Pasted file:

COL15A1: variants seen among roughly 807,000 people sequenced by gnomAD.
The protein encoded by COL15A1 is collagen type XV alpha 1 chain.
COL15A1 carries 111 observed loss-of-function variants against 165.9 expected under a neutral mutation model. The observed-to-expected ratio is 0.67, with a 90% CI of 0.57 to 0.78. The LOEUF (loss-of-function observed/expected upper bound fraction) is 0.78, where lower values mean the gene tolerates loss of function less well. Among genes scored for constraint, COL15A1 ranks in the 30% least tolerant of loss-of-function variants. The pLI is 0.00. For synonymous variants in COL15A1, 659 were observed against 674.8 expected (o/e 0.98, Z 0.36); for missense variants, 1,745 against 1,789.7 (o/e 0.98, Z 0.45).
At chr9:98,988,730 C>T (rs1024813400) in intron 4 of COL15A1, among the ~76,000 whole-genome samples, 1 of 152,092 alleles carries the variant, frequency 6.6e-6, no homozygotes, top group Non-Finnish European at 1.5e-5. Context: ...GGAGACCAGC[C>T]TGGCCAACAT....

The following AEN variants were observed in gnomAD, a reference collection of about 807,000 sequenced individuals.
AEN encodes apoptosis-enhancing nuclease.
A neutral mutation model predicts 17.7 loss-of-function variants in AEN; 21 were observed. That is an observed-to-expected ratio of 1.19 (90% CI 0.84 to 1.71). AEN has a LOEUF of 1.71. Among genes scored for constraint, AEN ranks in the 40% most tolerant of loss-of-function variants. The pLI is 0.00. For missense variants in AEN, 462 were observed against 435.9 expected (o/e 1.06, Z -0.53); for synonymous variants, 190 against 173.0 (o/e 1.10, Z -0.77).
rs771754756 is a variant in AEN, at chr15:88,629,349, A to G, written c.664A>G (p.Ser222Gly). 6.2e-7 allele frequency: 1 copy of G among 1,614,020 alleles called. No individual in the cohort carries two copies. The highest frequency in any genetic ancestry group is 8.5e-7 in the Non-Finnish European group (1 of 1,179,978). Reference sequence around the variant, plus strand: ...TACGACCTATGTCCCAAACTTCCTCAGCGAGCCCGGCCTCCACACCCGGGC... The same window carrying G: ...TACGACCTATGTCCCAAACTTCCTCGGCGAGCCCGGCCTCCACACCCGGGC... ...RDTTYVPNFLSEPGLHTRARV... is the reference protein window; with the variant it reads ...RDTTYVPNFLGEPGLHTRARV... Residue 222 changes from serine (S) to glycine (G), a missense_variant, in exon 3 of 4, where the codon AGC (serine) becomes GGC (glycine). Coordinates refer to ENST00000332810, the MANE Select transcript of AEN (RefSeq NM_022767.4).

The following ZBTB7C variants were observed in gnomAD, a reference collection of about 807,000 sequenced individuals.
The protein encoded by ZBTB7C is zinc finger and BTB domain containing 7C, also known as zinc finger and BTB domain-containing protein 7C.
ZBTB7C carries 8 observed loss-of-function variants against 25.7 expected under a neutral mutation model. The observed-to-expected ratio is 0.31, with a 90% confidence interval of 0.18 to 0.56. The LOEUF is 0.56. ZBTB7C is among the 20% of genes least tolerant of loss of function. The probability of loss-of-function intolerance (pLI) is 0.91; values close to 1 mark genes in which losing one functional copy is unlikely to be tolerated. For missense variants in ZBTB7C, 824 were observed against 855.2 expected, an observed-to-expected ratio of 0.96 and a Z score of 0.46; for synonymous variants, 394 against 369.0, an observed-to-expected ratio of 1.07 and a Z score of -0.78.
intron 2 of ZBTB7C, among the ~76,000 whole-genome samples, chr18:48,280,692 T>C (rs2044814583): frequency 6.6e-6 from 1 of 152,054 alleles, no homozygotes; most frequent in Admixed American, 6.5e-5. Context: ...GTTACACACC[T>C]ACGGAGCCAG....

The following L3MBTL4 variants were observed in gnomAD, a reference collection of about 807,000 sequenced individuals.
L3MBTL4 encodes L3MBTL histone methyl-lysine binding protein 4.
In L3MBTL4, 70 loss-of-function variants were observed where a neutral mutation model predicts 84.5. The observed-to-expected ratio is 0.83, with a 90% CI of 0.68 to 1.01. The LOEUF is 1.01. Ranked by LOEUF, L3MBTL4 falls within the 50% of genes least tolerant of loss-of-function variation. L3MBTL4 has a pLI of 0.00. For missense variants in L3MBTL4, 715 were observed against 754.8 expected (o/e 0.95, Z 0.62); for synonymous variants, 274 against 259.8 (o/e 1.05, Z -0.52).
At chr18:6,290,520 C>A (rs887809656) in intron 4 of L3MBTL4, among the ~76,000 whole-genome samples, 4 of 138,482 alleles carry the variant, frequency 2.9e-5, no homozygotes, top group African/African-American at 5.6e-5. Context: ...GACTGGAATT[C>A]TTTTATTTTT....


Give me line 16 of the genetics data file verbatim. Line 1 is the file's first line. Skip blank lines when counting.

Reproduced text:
At chr18:6,290,520 C>A (rs887809656) in intron 4 of L3MBTL4, among the ~76,000 whole-genome samples, 4 of 138,482 alleles carry the variant, frequency 2.9e-5, no homozygotes, top group African/African-American at 5.6e-5. Context: ...GACTGGAATT[C>A]TTTTATTTTT....